Representing multi-dimensional PESs from *ab initio* data has been a challenge [22]. Here, the PES in the short range was fitted using the permutation-invariant polynomial–neural network (PIP-NN) method [23–25]. The Morse-like variables *p _{ij }*= exp(−α

*r*) with

_{ij}*α*= 4.0

^{−1}Å

^{−1}of the internuclear distances

*r*were used in the input layer of the NN. The NN with two hidden layers with 30 and 20 neurons was trained using the Levenberg–Marquardt algorithm [26] and the root mean square error (RMSE), defined as 2.1 where and are the

_{ij}*ab initio*and fitted energies, respectively, was used as the target function. To avoid overfitting, the data are randomly divided into three sets, namely, the training (90% of the data points), validation (5%) and testing (5%) sets.

The long-range parts of the PES are assumed to be dominated by the ion–induced dipole and the ion–permanent dipole interactions, following the earlier work of Su and co-workers [10]. In the F^{− }+ HCl asymptote, the long-range potential is given by
2.2
and in the Cl^{−} + HF asymptote, it is has a similar form,
2.3

In equations (2.2) and (2.3), *q* is the charge on the ion (−1e) and and are the polarizability and the dipole moment, respectively, of the corresponding neutral species. *R*_{1} is the distance from the F atom to the midpoint between the H and Cl atoms, and *R*_{2} is the distance from the Cl atom to the midpoint between the H and F atoms. The polarizabilities and dipole moments are: *α*_{HCl }= 2.63 Å^{3}, *α*_{HF }= 2.46 Å^{3}; *μ*_{HCl }= 1.08 D, *μ*_{HF }= 1.2 D [27]. *V*(F^{−}) and *V*(Cl^{−}) are ion energies and *V*(HCl) and *V*(HF) are the corresponding one-dimensional diatomic molecular potential energies, respectively.

Finally, an analytical global PES for the system of interest can be written as
2.4
where *V*_{LR1} is the long-range potential between F^{−} and HCl, *V*_{LR2} is the long-range potential between HF and Cl^{−} and *V*_{fit} represents the short-range potential fit to *ab initio* data. *S*_{1} and *S*_{2} are switching functions, ranging from 0.0 to 1.0, which smoothly connect the long-range PESs to the short-range fitted *ab initio* PES:
2.5
and
2.6
in which the distance is in bohr.

QCT calculations in this work were implemented in VENUS [28]. The trajectories were initiated with a sufficiently large separation (greater than 26.0 Å) between reactants, due to the long-range interaction between the reactants F^{−} and HCl. The trajectories were terminated when the products reached a separation of 7.0 Å. The propagation time step was chosen as 0.1 fs. The ro-vibrational state of the reactant HCl and the translation energy of reactants were sampled from the Boltzmann distribution at a specific temperature. To determine the maximal impact parameter (*b*_{max}) for each temperature, small batches of trajectories were run to determine the largest impact parameters for reaction. The temperature involved in QCT calculations ranged from 100 to 600 K, and the *b*_{max} varied from 25.0 to 35.0 Å. The scattering parameters (impact parameter, vibrational phases and spatial orientation of the initial reactants) were selected with a Monte Carlo approach. The total reaction probability (*P*) for the title reaction is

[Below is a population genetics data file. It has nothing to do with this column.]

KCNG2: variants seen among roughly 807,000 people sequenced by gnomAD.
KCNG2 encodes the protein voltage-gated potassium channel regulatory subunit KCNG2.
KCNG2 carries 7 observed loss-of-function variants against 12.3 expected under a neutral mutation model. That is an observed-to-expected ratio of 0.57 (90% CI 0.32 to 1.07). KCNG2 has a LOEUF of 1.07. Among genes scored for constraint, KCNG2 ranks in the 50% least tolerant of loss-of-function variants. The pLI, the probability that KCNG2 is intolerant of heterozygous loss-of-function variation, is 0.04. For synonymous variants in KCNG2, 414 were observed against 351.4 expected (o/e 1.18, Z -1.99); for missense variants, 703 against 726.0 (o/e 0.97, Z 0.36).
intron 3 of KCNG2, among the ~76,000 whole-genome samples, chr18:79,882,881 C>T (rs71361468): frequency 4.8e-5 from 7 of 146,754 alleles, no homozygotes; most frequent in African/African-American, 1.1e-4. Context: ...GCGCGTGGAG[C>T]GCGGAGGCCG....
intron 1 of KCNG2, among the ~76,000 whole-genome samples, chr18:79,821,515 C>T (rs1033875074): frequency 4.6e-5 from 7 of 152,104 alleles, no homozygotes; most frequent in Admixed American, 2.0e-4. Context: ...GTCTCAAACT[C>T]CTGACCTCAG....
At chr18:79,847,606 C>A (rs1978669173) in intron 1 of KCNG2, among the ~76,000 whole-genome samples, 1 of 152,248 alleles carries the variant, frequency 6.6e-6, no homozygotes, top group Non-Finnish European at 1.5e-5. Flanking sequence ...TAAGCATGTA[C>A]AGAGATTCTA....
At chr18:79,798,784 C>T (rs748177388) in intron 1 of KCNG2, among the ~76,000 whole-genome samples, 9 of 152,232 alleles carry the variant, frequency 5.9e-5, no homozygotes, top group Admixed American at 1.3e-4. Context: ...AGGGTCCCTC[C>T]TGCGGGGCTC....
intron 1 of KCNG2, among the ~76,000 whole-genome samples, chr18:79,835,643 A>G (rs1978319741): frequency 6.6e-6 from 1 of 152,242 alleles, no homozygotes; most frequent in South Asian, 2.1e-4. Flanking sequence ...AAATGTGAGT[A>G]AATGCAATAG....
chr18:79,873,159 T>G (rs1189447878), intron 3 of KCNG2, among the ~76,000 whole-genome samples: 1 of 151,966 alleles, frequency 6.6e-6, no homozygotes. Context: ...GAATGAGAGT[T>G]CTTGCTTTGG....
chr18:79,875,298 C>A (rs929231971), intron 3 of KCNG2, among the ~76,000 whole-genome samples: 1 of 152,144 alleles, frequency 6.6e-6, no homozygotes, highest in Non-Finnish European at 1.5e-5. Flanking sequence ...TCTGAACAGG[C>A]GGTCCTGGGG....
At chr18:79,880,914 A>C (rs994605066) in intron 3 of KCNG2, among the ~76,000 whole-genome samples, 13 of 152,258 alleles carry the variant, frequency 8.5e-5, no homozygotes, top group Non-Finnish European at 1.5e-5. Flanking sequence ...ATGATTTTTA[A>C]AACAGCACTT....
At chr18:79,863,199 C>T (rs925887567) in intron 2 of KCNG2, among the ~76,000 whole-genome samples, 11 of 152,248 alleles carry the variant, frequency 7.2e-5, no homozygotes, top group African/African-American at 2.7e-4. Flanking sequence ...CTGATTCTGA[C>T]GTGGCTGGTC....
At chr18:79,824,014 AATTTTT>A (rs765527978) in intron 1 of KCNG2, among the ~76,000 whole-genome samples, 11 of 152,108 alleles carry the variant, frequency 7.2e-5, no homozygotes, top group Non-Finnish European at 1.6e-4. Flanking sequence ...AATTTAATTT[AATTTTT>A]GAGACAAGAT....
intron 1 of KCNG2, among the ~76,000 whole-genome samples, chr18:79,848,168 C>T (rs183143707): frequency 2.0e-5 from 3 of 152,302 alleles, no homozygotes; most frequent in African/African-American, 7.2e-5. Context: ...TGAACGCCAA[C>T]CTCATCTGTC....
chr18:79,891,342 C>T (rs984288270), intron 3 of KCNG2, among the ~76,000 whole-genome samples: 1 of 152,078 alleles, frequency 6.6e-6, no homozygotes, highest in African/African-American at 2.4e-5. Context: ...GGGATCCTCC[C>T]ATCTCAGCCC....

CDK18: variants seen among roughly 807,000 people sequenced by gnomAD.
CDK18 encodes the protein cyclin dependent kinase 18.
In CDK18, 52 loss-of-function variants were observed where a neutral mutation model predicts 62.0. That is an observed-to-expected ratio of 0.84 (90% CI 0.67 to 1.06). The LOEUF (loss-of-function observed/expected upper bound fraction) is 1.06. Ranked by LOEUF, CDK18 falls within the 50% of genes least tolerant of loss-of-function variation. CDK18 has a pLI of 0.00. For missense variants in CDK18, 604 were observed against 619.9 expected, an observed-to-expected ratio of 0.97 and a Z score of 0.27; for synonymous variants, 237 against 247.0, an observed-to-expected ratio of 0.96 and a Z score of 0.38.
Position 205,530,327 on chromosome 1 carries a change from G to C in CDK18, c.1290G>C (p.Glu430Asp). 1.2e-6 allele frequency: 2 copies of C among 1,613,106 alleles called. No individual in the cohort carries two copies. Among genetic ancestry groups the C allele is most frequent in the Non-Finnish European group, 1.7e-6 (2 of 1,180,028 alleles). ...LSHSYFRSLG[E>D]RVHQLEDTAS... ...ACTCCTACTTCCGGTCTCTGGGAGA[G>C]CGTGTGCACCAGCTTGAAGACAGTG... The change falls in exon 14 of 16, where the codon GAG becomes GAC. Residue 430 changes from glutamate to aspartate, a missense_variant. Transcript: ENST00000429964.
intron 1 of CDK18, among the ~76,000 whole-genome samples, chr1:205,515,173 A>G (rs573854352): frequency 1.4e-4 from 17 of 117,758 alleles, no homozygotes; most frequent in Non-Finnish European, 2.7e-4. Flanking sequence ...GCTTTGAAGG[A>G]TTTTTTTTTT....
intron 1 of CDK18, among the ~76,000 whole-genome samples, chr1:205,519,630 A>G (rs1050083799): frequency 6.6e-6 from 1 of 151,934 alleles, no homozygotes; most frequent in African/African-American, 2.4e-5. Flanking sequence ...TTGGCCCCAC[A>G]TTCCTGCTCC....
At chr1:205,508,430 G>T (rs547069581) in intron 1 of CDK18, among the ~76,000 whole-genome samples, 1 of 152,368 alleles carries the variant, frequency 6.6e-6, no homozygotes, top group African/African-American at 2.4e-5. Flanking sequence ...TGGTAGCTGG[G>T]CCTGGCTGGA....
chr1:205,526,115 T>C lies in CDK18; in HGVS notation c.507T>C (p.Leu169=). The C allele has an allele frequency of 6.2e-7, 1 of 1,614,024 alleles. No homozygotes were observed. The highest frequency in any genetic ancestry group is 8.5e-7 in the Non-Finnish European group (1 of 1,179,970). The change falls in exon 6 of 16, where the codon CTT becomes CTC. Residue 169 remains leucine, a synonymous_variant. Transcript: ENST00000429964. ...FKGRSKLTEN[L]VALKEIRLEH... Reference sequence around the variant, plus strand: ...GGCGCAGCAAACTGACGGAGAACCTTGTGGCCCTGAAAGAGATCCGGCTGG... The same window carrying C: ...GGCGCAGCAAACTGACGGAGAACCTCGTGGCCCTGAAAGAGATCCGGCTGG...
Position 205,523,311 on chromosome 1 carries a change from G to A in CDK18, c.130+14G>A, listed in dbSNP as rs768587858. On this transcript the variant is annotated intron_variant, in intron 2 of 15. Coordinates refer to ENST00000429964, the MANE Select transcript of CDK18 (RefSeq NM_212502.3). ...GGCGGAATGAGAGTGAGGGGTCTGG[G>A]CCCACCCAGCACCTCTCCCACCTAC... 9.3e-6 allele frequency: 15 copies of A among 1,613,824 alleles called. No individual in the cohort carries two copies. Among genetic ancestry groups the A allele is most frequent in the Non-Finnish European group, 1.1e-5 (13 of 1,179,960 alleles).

2.7
where *N*_{r} and *N*_{total} are the number of reactive trajectories and total number of trajectories, respectively; the standard error is given by .

The thermal rate coefficients can be obtained as follows:
2.8
where *μ* is the reduced mass of the reactants, *k*_{B} the Boltzmann factor, and *T* the temperature in kelvin.

To gain some insight into the reaction intermediate, we have also computed the lifetime distribution of the FHCl^{−} complex. To this end, the time the system spends in the well, defined by *R*_{FH }< 2.2 Å and *R*_{ClH }< 3.6 Å, is recorded for each trajectory.

### (b) Experimental

All measurements were performed on the Air Force Research Laboratory's variable temperature selected ion flow tube (SIFT) instrument, which has been described in detail elsewhere [29]. Briefly, F^{−} ions are created using an electron impact source in the presence of a 10% mixture of NF_{3} in He. Ions are extracted and mass-selected using a quadrupole mass filter. The ions are focused before introduction to a laminar flow tube via a Venturi inlet, where approximately 10^{4}–10^{5} collisions with a He buffer gas thermalize the ions and carry them downstream. The temperature of the flow tube is variable using resistive heating devices (300–600 K). The neutral reagent, HCl is added 59 cm upstream of the end of the flow tube, with typical reaction times of the order of 3 ms, depending on helium buffer flow (varied from 10 to 13 std. l min^{−1}), and temperature. After travelling the length of the flow tube, the core of the flow is sampled through a truncated nose-cone with a 3 mm aperture. The remainder of the flow is pumped away using a Roots pump through a throttled gate valve that acts to maintain the desired pressure (typically 0.35 Torr at 300 K) within the flow tube. After the nose-cone, the primary ions and product ions are guided using a rectilinear quadrupole into an orthogonally accelerated time-of-flight (TOF) mass spectrometer for analysis. Rate coefficients are derived by monitoring the decay of the primary ion as a function of the neutral reagent flow. Errors in the rate coefficients are estimated to be ±25% absolute and ±15% relative to each other [30].

## 3. Results